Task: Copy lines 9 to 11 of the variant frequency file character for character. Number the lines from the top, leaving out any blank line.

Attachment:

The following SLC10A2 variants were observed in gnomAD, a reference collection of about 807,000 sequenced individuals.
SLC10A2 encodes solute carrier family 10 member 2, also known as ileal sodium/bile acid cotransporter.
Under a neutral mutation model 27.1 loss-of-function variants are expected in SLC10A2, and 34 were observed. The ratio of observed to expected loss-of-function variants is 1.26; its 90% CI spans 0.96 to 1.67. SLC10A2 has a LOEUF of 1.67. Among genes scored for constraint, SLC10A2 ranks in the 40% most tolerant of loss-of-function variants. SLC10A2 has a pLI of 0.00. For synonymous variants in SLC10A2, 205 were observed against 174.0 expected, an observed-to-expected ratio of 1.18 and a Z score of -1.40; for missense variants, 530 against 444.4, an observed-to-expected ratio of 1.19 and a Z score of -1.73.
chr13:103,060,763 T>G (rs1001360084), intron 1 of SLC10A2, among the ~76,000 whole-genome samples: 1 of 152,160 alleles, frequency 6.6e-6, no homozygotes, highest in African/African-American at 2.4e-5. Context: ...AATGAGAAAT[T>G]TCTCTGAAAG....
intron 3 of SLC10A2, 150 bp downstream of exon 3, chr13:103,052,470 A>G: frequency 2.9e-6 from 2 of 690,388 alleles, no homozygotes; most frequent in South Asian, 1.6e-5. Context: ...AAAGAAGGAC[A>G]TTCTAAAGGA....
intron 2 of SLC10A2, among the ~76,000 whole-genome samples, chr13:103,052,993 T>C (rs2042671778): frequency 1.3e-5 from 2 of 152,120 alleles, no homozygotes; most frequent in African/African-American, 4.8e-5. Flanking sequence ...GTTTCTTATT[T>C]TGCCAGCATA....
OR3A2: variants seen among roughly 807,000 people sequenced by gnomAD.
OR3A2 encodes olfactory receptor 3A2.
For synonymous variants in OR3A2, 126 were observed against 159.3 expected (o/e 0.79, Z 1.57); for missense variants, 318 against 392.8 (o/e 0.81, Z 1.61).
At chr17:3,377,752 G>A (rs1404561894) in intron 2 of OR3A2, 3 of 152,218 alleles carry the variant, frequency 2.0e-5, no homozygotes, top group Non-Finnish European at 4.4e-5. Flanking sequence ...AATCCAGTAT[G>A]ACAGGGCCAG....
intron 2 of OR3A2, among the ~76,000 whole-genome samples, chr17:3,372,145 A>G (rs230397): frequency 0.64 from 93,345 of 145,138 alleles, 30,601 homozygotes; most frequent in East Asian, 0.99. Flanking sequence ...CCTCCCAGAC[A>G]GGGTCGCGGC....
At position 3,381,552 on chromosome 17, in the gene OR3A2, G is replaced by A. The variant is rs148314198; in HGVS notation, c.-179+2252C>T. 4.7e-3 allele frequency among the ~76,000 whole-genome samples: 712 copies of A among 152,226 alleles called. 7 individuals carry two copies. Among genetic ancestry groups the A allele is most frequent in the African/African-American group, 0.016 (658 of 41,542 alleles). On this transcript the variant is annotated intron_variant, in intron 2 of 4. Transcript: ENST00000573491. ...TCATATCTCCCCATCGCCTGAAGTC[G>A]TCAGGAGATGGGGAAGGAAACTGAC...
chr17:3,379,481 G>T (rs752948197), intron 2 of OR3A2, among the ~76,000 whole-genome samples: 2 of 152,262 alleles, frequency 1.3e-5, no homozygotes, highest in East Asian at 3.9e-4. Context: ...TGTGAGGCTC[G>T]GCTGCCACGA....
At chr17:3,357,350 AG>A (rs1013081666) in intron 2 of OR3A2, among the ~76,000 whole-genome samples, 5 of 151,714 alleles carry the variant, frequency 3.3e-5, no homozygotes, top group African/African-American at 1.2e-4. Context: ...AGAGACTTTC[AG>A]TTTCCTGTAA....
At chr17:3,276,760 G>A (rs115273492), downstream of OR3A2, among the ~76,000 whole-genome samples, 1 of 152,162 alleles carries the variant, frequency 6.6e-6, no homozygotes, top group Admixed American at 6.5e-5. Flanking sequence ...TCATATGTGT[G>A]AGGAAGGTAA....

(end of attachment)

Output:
For synonymous variants in OR3A2, 126 were observed against 159.3 expected (o/e 0.79, Z 1.57); for missense variants, 318 against 392.8 (o/e 0.81, Z 1.61).
At chr17:3,377,752 G>A (rs1404561894) in intron 2 of OR3A2, 3 of 152,218 alleles carry the variant, frequency 2.0e-5, no homozygotes, top group Non-Finnish European at 4.4e-5. Flanking sequence ...AATCCAGTAT[G>A]ACAGGGCCAG....
intron 2 of OR3A2, among the ~76,000 whole-genome samples, chr17:3,372,145 A>G (rs230397): frequency 0.64 from 93,345 of 145,138 alleles, 30,601 homozygotes; most frequent in East Asian, 0.99. Flanking sequence ...CCTCCCAGAC[A>G]GGGTCGCGGC....